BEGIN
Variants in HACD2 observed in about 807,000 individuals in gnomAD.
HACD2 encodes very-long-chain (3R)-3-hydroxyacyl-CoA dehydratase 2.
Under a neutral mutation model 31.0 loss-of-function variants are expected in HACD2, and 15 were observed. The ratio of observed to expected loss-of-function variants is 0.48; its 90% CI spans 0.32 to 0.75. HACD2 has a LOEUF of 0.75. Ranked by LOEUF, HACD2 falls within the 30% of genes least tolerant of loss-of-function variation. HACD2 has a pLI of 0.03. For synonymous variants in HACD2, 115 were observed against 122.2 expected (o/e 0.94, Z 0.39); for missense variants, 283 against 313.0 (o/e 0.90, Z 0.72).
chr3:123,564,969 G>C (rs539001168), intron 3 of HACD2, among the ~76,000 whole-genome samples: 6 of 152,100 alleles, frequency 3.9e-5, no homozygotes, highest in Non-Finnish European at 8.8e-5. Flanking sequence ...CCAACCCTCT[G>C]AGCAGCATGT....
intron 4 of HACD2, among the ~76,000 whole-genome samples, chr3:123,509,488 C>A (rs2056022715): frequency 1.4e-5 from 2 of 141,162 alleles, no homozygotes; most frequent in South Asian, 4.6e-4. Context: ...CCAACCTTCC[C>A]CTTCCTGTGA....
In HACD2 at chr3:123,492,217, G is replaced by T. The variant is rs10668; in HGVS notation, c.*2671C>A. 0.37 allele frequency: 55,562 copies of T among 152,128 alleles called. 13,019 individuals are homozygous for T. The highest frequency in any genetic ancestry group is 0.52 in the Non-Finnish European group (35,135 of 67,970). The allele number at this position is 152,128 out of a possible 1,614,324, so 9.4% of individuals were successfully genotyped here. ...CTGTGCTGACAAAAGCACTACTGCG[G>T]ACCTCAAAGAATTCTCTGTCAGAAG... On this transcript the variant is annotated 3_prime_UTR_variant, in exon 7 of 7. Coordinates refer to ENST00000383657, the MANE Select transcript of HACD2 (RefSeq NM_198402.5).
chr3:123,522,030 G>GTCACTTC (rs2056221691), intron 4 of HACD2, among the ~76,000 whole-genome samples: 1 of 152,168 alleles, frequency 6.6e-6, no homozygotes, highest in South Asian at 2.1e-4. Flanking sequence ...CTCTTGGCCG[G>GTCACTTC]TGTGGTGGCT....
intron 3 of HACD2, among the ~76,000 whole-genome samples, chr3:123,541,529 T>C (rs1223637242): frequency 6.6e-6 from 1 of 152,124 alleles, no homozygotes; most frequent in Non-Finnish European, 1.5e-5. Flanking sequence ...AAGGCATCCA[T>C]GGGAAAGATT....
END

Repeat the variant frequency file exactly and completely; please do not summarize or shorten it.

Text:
Variants in HACD2 observed in about 807,000 individuals in gnomAD.
HACD2 encodes very-long-chain (3R)-3-hydroxyacyl-CoA dehydratase 2.
Under a neutral mutation model 31.0 loss-of-function variants are expected in HACD2, and 15 were observed. The ratio of observed to expected loss-of-function variants is 0.48; its 90% CI spans 0.32 to 0.75. HACD2 has a LOEUF of 0.75. Ranked by LOEUF, HACD2 falls within the 30% of genes least tolerant of loss-of-function variation. HACD2 has a pLI of 0.03. For synonymous variants in HACD2, 115 were observed against 122.2 expected (o/e 0.94, Z 0.39); for missense variants, 283 against 313.0 (o/e 0.90, Z 0.72).
chr3:123,564,969 G>C (rs539001168), intron 3 of HACD2, among the ~76,000 whole-genome samples: 6 of 152,100 alleles, frequency 3.9e-5, no homozygotes, highest in Non-Finnish European at 8.8e-5. Flanking sequence ...CCAACCCTCT[G>C]AGCAGCATGT....
intron 4 of HACD2, among the ~76,000 whole-genome samples, chr3:123,509,488 C>A (rs2056022715): frequency 1.4e-5 from 2 of 141,162 alleles, no homozygotes; most frequent in South Asian, 4.6e-4. Context: ...CCAACCTTCC[C>A]CTTCCTGTGA....
In HACD2 at chr3:123,492,217, G is replaced by T. The variant is rs10668; in HGVS notation, c.*2671C>A. 0.37 allele frequency: 55,562 copies of T among 152,128 alleles called. 13,019 individuals are homozygous for T. The highest frequency in any genetic ancestry group is 0.52 in the Non-Finnish European group (35,135 of 67,970). The allele number at this position is 152,128 out of a possible 1,614,324, so 9.4% of individuals were successfully genotyped here. ...CTGTGCTGACAAAAGCACTACTGCG[G>T]ACCTCAAAGAATTCTCTGTCAGAAG... On this transcript the variant is annotated 3_prime_UTR_variant, in exon 7 of 7. Coordinates refer to ENST00000383657, the MANE Select transcript of HACD2 (RefSeq NM_198402.5).
chr3:123,522,030 G>GTCACTTC (rs2056221691), intron 4 of HACD2, among the ~76,000 whole-genome samples: 1 of 152,168 alleles, frequency 6.6e-6, no homozygotes, highest in South Asian at 2.1e-4. Flanking sequence ...CTCTTGGCCG[G>GTCACTTC]TGTGGTGGCT....
intron 3 of HACD2, among the ~76,000 whole-genome samples, chr3:123,541,529 T>C (rs1223637242): frequency 6.6e-6 from 1 of 152,124 alleles, no homozygotes; most frequent in Non-Finnish European, 1.5e-5. Flanking sequence ...AAGGCATCCA[T>C]GGGAAAGATT....